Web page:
It's not glamorous work and you never want to wear new clothes when you go. You will be scooping pooh and changing a pee'd blankie or two. But that doesn't matter because the dogs are just delightful and are so very happy to be loved up it makes any mess you have to deal with nil in comparison!
Help with turn-outs is one of the more difficult things to find volunteers for as it is a true commitment; those dogs depend on you to be there to feed them, to let them out for pees and poohs in a timely manner, and for their much-needed exercise.
PLEASE, come help the 'houndies of N.G.A. - your help will be greYtly appreciated!!!"
- Thea :^)
What a Turn-Out entails:
Or, how to do a turn-out, but even after reading this you will still need to go thru training ...
The training to learn to do turn-outs takes a complete shift to ensure that the dogs are properly cared for.
That means doing a one-off turn-out shift with no intent for doing future ones would not really help; what we really need are regular returning volunteers for turn-outs - thank you!
The online Turn-Out Schedule sign-up form is located on the "Sign-up for TurnOuts" page.
There are notices posted around the kennel of what needs to be done at each turn-out, but if you've never been to the kennel and are interested in helping here is what a turn-out entails ...
Start each turn-out by reading over the log book to see if there is something that needs to be done or needs to be noted.
Turn-outs need to move quickly; when turn-outs take too long or are done in the wrong order dogs get anxious and bedding get soiled. All a too-long turn-out accomplishes is more work for you, the volunteers doing laundry, and the person doing the next turn-out. If you would like to take longer playing with a particular dog - or doing some extra help like bathing or grooming dogs - please do so after the turn-out is complete.
So the dogs all have plenty of fresh and clean water to drink; fill the water-buckets and hang them on the two hooks on the fence in the turn-out area (fill them inside in the winter as the outside faucet may be frozen or covered in snow). Keep an eye on the buckets throughout the turn-out and change/refill them on a regular basis.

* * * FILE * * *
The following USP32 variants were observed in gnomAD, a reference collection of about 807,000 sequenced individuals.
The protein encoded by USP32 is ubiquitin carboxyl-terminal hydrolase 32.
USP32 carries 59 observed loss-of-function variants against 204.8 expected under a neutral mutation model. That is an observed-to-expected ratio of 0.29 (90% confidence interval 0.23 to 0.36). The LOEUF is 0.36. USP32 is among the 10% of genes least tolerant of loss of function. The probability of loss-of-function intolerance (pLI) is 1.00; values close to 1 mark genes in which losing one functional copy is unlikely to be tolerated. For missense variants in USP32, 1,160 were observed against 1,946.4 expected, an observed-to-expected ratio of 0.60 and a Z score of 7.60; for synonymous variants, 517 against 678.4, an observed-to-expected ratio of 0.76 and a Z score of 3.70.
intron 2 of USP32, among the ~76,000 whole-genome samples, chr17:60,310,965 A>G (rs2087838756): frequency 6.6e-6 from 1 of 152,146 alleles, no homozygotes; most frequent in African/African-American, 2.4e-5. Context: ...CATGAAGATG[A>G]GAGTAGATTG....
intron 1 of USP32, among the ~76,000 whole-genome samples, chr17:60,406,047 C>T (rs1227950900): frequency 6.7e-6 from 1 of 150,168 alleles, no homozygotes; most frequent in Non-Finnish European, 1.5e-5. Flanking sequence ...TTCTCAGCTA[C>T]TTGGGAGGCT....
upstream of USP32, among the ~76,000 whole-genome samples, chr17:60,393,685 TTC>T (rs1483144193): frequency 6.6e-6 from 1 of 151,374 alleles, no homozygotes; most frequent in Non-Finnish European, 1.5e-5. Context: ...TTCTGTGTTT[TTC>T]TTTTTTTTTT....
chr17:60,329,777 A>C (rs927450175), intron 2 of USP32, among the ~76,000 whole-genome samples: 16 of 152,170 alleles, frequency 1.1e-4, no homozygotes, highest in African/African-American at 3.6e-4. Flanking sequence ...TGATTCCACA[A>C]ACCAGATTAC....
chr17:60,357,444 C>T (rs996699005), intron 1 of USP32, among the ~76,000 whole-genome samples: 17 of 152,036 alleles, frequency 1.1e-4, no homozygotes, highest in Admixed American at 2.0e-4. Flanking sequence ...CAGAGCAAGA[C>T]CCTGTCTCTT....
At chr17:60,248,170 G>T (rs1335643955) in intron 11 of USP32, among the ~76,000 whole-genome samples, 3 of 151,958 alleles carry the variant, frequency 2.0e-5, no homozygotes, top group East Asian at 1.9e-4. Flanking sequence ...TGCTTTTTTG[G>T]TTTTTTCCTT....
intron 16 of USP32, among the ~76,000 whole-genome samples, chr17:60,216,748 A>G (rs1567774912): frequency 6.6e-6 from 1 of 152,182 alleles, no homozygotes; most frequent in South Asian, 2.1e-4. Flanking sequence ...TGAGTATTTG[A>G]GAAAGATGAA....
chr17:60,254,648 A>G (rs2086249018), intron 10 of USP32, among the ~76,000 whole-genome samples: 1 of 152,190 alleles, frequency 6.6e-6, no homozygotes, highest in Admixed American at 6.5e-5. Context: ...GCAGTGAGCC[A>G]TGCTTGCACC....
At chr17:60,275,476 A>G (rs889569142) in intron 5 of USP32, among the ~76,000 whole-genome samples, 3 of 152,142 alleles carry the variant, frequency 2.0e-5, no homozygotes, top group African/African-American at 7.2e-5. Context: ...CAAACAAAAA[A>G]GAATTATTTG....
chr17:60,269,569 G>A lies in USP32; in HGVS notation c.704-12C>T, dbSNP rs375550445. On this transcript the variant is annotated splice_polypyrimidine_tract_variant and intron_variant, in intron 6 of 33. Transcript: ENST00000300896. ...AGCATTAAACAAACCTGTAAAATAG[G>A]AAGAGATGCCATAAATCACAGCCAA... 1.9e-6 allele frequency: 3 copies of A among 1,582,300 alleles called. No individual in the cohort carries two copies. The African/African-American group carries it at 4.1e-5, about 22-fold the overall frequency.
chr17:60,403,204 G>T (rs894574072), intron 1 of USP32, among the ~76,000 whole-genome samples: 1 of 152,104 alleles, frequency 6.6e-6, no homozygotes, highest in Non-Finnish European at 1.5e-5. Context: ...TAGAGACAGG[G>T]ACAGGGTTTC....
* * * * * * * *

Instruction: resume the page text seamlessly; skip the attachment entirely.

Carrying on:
Follow the list on the door to the turn-out pen of all the dogs currently in the kennel in order from top to bottom. The dogs expect to be let out in that order, they will become frustrated and may pee their bedding if they feel it is taking too long to go out. For example; the list always starts with the one-by-ones - often newly vetted dogs, then the Front Room dogs, they need to be done BEFORE THE BACK ROOM DOGS CAN BE TURNED OUT. (On occasion there my be a one-by-one that is in the back room because they have just been vetted, the dogs seem to understand this and it not an issue) Dogs like predictable pattern - it reassures them. DOGS ON THE ONE-BY-ONE LIST AND DOGS FROM GROUPS ARE NOT TO BE MIXED - EVER!
Do not mix-around the groups, DO NOT MIX MALES & FEMALES, and do not mix singles into groups. They are in that particular order and with their particular group for a reason, often for compatibility - because some of the dogs have yet to be spayed and neutered the genders need to be seperate. Even if "fixed" they still need to stay with their own gender as well as their own group.
Turn-outs take anywhere from 1 1/2 hours to 3 hours depending upon the number of dogs in the kennel at the time. Things like the more dogs that are on the vetted or one-by-one lists affect the length of turn-out too, keep that in mind. Plan on being there for 3 hours just in case. Also, since a turn-out should not take more than 3 hours (as taking longer is detrimental to the dogs), extending your turn-out to knock-down community service hours owed will not fly - or be signed off on.